rejects Bayer bid, but open to more talks
Send a link to a friend
[May 25, 2016]
By Greg Roumeliotis
(Reuters) - Monsanto Co, the world's
largest seed company, turned down Bayer AG's $62 billion acquisition bid
as "incomplete and financially inadequate" on Tuesday, but said it was
open to engage further in negotiations.
Monsanto's decision, first reported earlier on Tuesday by Reuters,
puts pressure on Bayer to decide whether to raise its bid, even as
the company faces criticism from some shareholders that its
$122-per-share cash offer is already too high.
Monsanto shares ended trading up 3.1 percent at $109.3 in New York,
substantially below Bayer's bid price, underscoring some investor
skepticism that a deal can be done. Bayer shares rose 3.23 percent
at 87.15 euros in Frankfurt.
"We believe in the substantial benefits an integrated strategy could
provide to growers and broader society, and we have long respected
Bayer’s business," Monsanto Chief Executive Hugh Grant said in a
"However, the current proposal significantly undervalues our company
and also does not adequately address or provide reassurance for some
of the potential financing and regulatory execution risks related to
the acquisition," he added.
Bayer responded that its $122 per share offer represents "full and
certain value" for Monsanto shareholders, but that it looks forward
to engaging in constructive discussions with Monsanto.
"We are confident that we can address any potential financing or
regulatory matters related to the transaction. Bayer remains
committed to working together to complete this mutually compelling
transaction," Bayer Chief Executive Officer Werner Baumann said in a
It was not clear what price Monsanto would be willing to sell for
but several analysts have suggested Bayer would have to pay much
more than the current offer to clinch a deal.
"We believe it is unlikely that the deal gets done at $122 and still
believe $135 is a more likely price," JPMorgan analysts wrote in a
research note last week.
Manning & Napier Advisors LLC, an investment management firm that is
Monsanto's 14th largest shareholder according to Thomson Reuters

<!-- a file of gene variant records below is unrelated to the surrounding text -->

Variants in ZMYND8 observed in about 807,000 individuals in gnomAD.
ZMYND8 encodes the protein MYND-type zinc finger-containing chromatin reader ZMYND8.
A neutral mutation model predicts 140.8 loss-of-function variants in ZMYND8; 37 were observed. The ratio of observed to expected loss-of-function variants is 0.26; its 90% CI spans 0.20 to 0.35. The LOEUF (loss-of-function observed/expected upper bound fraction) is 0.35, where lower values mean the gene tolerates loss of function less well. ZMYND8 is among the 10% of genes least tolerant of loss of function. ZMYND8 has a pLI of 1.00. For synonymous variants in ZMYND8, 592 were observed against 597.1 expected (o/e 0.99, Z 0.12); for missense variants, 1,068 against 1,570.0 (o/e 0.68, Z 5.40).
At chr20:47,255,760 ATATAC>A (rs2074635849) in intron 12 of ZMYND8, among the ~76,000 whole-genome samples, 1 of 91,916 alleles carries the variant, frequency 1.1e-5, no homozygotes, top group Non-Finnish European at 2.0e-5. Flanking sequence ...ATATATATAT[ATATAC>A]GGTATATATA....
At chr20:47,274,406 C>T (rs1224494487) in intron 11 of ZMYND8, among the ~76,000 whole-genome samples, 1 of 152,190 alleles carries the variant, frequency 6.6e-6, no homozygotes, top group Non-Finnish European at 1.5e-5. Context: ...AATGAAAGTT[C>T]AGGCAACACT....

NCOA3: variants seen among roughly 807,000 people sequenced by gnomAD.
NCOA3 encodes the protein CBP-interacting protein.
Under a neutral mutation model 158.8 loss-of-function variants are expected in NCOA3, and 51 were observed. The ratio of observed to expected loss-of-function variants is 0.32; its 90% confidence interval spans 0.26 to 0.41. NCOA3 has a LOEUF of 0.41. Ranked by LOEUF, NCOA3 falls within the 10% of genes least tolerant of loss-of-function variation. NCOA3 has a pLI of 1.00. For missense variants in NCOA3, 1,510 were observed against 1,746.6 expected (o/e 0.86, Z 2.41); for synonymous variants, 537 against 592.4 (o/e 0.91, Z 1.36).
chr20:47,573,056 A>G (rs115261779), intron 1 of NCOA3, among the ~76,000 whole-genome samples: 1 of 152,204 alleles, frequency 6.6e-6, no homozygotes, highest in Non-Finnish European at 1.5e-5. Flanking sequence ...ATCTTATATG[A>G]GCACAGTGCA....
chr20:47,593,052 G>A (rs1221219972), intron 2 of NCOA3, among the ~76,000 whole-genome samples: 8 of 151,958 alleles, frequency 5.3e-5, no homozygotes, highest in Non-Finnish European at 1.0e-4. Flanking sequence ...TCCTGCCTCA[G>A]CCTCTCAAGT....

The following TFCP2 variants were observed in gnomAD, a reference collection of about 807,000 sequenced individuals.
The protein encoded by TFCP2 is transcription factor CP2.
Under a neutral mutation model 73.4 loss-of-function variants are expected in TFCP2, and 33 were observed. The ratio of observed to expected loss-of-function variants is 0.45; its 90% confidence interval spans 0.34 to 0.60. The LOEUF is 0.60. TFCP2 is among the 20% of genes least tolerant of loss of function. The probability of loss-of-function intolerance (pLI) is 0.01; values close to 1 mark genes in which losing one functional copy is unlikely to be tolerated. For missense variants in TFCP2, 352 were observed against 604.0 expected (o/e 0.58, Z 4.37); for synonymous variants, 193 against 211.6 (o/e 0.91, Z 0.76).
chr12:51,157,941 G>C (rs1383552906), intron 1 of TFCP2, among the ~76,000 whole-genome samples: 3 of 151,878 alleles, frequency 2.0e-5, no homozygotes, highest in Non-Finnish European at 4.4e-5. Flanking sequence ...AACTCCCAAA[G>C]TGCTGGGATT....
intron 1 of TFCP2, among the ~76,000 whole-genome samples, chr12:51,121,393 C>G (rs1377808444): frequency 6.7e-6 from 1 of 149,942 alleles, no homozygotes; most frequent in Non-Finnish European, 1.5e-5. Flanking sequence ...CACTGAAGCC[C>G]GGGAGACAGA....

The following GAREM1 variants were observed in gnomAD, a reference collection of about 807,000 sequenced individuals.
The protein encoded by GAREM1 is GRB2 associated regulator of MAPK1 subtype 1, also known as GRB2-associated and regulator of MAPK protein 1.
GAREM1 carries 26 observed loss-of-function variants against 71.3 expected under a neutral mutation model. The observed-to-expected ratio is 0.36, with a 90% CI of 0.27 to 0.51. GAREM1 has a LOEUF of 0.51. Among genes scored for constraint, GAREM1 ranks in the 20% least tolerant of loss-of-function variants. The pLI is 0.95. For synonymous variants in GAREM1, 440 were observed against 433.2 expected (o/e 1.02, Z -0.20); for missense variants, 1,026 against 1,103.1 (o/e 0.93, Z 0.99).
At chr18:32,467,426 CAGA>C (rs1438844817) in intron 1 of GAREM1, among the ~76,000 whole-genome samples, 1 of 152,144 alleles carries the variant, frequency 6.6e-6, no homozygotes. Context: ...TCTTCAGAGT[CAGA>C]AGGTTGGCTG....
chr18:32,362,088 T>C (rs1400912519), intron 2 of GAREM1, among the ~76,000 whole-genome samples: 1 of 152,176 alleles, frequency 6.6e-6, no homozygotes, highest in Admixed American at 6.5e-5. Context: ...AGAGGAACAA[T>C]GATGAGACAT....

data, agreed with Monsanto's decision to seek a higher offer.
"Monsanto's assessment that the initial offer was inadequate is
valid, as we believe it does not appropriately value the company’s
existing product portfolio," said Michael Knolla, a managing
director at Manning & Napier.
[to top of second column]
Global agrochemicals companies are racing to consolidate, partly in response to
a drop in commodity prices that has hit farm incomes. Seeds and pesticides
markets are also increasingly converging. This has driven Monsanto to consider a
tie-up to build strength.
Monsanto approached Bayer in March to express interest in its crop science unit,
Reuters reported at the time. Among the possibilities discussed were an outright
acquisition of the crop science unit and a joint venture, or other type of
partnership between the two companies.
ChemChina plans to buy Switzerland's Syngenta for $43 billion, after Syngenta
rejected a bid from Monsanto. Dow Chemical Co and DuPont are forging a $130
With German rival BASF SE having previously considered a tie-up with Monsanto,
Bayer has moved to avoid being left behind.
Leverkusen-based Bayer's unsolicited bid for Monsanto is the largest all-cash
takeover on record, according to Thomson Reuters data, just ahead of InBev SA's
$60.4 billion offer for Anheuser-Busch in June 2008.
Bayer said on Monday it would finance its cash bid with a combination of debt
(Reporting by Greg Roumeliotis in New York; Additional reporting by Karl Plume
in Chicago, Mike Stone in New York, Patricia Weiss in Frankfurt and Pamela
Barbaglia in London; Editing by Tiffany Wu, Bernard Orr)
[© 2016 Thomson Reuters. All rights
Copyright 2016 Reuters. All rights reserved. This material may not be published,
broadcast, rewritten or redistributed.